40. In making his findings of fact, the judge set out a short summary of the contract on p 30. He correctly observed that it was important to identify the conditions stated in the letter of credit. He was struck by four points: (1) that among the documents required by the bank were the conditions of sale which could only be found in the contract; (2) that the period of presentation was within 15 days after shipment but within the validity of the credit; (3) that the validity expired on 30 December 2010 but that, more importantly, the latest date for shipment was 30 November; and (4) that the goods were to be imported from China but there was no bill of lading which showed that the goods had been loaded in China.
41. The judge observed that it was not in dispute that APS presented the documents immediately after the goods were shipped on 13 November (although the documents were in fact presented to Standard Bank on or shortly after 24
November) and that Standard Bank had notified the CEB of the presentation and
of the discrepancies that had been found. He further concluded that Standard Bank became aware of the fact that no shipment could be effected without verification of the goods at the place of manufacture in China at the latest at the hearing on 15 November, when the statement was made on behalf of APS. He added that it could not be gainsaid that shipment could not be effected without prior verification of the goods by the CEB in China. He held that the application for an injunction on 1 December was shortly after the CEB became aware that the goods had been shipped on 13 November. He further held that at the inter partes hearing on 3 December the representative of APS, who was of course Mr Dookhee, boldly made the statements set out in the recitals to the order. As stated in para 21 above, they were that that he was surprised when he found out that the goods had been shipped, that as soon as he knew about it, he caused payment to be stopped, that he had asked that the goods be sent back to the factory for verification and that he had no objection to Standard Bank withholding payment until the goods had been checked by the CEB.
42. It is plain that the judge took a dim view of Mr Dookhee because he said that his acts were contrary to those bold statements. The judge noted that APS had been advised to retain the services of legal advisers. As the Board reads the judgment, the judge did not reach a final conclusion as to the true position. He did however hold at p 31 line 34 that in all the circumstances it was certainly the duty of Standard Bank to ascertain that verification had been carried out before shipment. He did not explain the basis upon which he reached that conclusion.
43. The Board agrees with counsel for APS that the following passages (at pp 31 to 33) contain the ratio decidendi of the judge’s judgment:
“I am certainly not concerned with the specification of the goods whether they complied with the agreement or not, … What matters … is that no shipment of the goods would be effected until the goods had been verified by the applicant at the factory in China as per the terms of the agreement. In the circumstances, it was not open to [Standard Bank] to pay the irrevocable letter of credit as the bank is aware that the terms and conditions of the contract namely verification of the goods, which had been mentioned in the contract, the latter is a document which must be produced according to the irrevocable letter of credit, had not been complied with. It had also not received written confirmation from [the CEB]. If there is no verification, it stands to reason that the contract had not been complied with and consequently, there could be no shipment.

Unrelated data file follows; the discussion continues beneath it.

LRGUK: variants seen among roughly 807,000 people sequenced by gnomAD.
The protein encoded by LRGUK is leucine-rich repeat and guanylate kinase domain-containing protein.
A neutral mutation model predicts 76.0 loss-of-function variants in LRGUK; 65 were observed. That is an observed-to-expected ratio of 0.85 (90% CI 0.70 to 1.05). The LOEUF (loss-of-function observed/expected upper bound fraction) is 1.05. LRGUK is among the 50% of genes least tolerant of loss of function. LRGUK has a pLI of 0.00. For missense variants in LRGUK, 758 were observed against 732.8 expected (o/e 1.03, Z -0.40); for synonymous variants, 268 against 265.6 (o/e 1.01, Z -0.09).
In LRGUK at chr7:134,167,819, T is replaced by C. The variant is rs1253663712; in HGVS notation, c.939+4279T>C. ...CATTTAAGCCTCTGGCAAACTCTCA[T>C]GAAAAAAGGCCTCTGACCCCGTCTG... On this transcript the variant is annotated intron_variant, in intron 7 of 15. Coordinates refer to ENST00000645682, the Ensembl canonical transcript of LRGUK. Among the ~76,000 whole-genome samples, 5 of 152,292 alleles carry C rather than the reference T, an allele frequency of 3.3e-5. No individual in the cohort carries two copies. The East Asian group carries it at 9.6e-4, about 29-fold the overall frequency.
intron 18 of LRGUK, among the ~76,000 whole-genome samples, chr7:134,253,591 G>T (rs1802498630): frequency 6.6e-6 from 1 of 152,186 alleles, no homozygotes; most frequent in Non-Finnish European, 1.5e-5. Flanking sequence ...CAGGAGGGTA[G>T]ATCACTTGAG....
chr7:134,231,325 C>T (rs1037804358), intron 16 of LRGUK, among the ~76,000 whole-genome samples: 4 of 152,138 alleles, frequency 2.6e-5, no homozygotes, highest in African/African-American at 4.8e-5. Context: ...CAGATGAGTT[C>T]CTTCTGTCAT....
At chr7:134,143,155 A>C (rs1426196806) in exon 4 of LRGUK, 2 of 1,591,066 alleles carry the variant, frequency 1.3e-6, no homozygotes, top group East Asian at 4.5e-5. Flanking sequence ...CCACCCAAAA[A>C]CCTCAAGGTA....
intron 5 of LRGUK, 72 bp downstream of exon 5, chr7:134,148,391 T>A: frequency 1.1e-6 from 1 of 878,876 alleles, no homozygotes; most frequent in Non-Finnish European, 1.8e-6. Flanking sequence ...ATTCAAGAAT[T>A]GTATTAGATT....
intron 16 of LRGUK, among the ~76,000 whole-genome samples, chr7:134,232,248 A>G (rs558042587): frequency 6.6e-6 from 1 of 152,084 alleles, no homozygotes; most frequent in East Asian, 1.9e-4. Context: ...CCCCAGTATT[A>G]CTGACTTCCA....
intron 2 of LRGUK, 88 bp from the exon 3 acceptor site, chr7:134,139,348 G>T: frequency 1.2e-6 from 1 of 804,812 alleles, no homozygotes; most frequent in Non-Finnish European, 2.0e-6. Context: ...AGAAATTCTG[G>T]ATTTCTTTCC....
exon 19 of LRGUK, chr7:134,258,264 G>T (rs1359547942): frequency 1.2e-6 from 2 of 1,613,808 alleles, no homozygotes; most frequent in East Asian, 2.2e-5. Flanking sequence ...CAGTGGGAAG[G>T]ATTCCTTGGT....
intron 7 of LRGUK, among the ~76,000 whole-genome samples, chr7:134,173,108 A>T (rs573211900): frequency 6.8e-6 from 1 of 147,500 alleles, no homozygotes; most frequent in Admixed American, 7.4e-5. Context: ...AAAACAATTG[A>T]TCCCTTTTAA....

It must also be borne in mind that [Standard Bank] is saying that the request for payment was made on the strength of the document showing that shipment of the goods had been effected on the 30th November 2010. It must be clear to [Standard Bank] that the document in question could not be relied upon in view of the statements made by the representative of [APS] during the first two applications that there would be no shipment until there had been verification. [Standard Bank] was also given notice by [the CEB], which it could not ignore in the circumstances of the case, that confirmation would be given whether verification would be effected or not.
I do not understand why no verification could be carried out as provided for in the contract and why [APS] is in a hurry to claim payment despite the undertaking given by its representative before me which it knew was a special condition of the contract and which had not been complied with. There is no evidence that [APS] had put [CEB] 'en demeure' to come to verify the goods at the factory and that the applicant had failed to comply with the notice. It seems that it was the applicant who through its attorney at law on the 22nd November 2010 was prepared to cause its agent to inspect the goods at the factory.
What [APS] is trying to do in the circumstances is certainly deceit and fraudulent in the words of Cotton J alluded to above and which is to the knowledge of [Standard Bank] and which it could not feign not to be aware in the light of the two applications coupled with the notice given to it by [the CEB] and in the light of the various authorities referred to above.
[APS]’ representative had shown his utter bad faith in blatantly ignoring the undertaking made before me and trying to claim payment without complying with the terms of the irrevocable letter of credit. Even before any verification of the goods at the factory, the goods were allegedly loaded on the 30th November 2010 in Singapore. Obviously, that was done to beat the deadline as provided in the irrevocable letter of credit.”